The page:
I do use helplines to vent often one for survivors of child abuse (as I am) and occasionally the Samaritans to just get the words out and stop them churning round in my head.

Also a forum I used for support to do with autism has closed down. Very few people understand it and the huge difficulties that on its own presents.

This is an awful time for something like this to happen to you both. It will get better and you will find ways to cope.

I’m glad you posted and had a vent. When you get the headspace and some physical space you will be able to go through the emotions and find strategies and changes you can make.

Just wanted to let you know I recognise some of how you feel.

Hope some of the others will come and ‘talk’ to you soon.

Hello and welcome

You don’t receive training to be a long term carer. I have be one for many a year. I have what I call a two year cycle. I start to prepare myself for the next stage. So I tried to armed myself at the same time anticipating. What will come next.

Such as possible additional equipment future health professionals. Keep reviews up to date and relevant. I have built up a good rapport with professionals. Keep them updated and just checking in periodically.

Because of the current virus situation. Everything is even more heighten. You are doing a good job. Yes, job - caring is a job and we are expected to be all things to the person we care for. However, there is no excuse for any individual what every their circumstances or disability. To be their answer to all their problems.

You can get a personal alarm for your husband. So you can go out - you need to take back control.

You can have respite while he stays at home. You do have options. They may not be quick fixes but you need to demonstrate. That you are allowed a life.

I’ve had deliberately used (you) a lot. Because only you can take control and make changes.

Hi Tigerlily,

And welcome to the Forum. I hope you find it a good place to offload and chat along. You will find some of us chatting on Roll Call in the members section. Don’t be shy, just join in, we were all new once.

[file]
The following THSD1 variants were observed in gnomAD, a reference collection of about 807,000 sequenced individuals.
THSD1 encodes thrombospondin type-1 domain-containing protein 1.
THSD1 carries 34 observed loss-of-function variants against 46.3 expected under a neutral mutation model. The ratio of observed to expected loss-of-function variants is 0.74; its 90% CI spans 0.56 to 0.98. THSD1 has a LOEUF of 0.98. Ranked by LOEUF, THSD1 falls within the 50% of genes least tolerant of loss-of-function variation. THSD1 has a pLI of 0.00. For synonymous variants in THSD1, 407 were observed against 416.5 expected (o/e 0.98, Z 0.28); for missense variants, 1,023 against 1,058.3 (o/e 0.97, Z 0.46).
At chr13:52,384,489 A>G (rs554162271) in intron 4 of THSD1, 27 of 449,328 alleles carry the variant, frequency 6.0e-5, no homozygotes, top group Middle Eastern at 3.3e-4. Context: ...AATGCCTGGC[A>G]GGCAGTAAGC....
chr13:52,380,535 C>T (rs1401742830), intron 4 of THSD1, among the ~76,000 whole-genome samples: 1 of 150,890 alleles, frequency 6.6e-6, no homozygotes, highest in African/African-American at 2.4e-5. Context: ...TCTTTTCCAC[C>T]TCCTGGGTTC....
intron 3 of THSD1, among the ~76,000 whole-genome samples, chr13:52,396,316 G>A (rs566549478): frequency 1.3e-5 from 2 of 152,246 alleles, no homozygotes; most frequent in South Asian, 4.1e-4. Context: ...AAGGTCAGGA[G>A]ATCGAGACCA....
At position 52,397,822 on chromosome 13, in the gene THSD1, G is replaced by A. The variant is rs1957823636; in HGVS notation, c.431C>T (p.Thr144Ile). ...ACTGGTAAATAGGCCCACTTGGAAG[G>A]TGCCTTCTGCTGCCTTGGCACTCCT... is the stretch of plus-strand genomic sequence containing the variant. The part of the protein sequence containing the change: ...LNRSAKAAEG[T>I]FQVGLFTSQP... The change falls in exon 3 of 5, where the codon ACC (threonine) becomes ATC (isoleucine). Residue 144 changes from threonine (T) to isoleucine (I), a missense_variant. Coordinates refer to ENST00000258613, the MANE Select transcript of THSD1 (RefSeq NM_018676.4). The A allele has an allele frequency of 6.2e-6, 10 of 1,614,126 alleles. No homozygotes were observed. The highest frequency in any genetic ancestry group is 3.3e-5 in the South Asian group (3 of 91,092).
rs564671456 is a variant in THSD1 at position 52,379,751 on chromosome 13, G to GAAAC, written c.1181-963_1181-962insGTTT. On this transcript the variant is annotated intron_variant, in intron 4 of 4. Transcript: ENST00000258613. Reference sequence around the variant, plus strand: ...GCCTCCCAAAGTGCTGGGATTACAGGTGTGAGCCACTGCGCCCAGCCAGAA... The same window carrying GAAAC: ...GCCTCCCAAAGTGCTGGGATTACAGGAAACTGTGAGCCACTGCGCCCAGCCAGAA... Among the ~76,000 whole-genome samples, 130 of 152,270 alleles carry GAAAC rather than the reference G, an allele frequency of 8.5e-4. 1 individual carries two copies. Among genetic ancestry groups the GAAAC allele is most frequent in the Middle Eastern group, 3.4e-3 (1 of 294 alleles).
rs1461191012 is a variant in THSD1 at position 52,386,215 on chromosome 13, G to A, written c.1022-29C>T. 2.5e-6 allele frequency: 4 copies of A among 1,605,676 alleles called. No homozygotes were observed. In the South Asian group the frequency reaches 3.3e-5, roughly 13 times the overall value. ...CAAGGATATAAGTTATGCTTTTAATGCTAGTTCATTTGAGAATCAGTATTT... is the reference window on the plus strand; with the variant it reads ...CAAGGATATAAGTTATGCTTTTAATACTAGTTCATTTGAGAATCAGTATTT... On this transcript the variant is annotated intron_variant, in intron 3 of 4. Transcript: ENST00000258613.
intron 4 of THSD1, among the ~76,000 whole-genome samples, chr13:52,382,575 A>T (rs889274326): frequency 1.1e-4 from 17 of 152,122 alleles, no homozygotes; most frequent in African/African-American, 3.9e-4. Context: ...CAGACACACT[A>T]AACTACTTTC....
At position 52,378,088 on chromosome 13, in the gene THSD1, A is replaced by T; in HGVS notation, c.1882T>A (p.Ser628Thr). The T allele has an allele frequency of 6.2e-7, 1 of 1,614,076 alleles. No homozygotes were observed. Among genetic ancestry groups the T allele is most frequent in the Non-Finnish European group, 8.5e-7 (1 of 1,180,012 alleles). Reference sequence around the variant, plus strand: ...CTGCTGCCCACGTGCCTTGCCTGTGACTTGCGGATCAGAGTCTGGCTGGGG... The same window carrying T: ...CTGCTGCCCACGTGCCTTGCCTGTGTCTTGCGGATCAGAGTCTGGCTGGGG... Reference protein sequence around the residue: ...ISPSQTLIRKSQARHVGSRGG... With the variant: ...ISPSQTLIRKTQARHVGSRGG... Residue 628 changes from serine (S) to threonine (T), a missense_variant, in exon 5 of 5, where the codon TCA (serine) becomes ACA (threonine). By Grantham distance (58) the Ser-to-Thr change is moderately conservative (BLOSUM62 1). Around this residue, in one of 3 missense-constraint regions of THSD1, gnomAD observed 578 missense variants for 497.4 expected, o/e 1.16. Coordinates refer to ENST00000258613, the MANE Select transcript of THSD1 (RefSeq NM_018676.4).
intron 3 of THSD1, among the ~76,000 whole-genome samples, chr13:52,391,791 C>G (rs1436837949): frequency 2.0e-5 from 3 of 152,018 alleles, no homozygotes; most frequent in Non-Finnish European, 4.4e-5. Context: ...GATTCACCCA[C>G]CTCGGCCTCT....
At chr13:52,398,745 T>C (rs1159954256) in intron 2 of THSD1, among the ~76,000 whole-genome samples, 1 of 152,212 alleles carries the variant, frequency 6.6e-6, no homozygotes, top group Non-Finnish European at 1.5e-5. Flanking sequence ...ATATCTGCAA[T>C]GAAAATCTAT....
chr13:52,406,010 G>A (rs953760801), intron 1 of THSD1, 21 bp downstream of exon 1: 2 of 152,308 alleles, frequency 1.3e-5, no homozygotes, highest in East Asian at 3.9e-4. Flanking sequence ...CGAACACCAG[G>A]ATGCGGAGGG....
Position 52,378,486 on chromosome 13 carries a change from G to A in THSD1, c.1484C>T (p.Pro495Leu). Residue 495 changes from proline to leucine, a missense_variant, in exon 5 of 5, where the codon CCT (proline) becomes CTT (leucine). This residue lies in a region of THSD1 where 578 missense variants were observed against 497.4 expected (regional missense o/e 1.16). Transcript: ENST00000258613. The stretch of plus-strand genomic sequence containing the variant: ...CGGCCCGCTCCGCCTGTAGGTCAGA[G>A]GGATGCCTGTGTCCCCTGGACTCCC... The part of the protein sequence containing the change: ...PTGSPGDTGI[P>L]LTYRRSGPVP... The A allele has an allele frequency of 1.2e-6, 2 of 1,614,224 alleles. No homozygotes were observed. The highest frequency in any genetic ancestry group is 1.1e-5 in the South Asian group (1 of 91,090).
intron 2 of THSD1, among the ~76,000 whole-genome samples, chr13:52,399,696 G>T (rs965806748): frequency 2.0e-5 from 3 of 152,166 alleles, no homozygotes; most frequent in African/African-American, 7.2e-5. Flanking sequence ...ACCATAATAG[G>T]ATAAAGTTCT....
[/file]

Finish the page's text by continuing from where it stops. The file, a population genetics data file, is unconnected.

It must have been a terrible time for you both when your husband was in hospital. And now you have been thrust into this caring role. I tend to recommend this book to relatively new carers as I think it describes some of the resentment / guilt that comes with the caring role:

If you are in this for the long haul, it is crucial to take time out for yourself. Can your husband be left for short periods of time, perhaps with an alarm pendant for emergencies? This would at least enable you to go out for yoga etc. Incidentally, in lockdown times I have started doing yoga with Adriene on Youtube which is good if you can’t get out.

How much care does your husband need? Would carers coming into the house help you at all?

Anyway, I realise I am asking lots of questions so will shut up now. Take care, Anne

You have rung so many of my bells, Tiger Lily, and I am sure of many other 24/7 carers. We are not leading a life, but an existence and a very abnormal one, to boot . Somehow you must try to inject even a few hours of "normality ’ in to each week – difficult , I know, but as examples, think about a walk with a friend or a Zoom session .
Apart from a Needs assessment, you should go for a Health and Well Being Assessment which will be made by a social care worker attached to your doctor’s surgery. It is done in conjunction with the local NHS Trust who may well be recommended to pay for some sessions with a recognised Counsellor near you. It is not a total cure but it can help and has to be worth a try.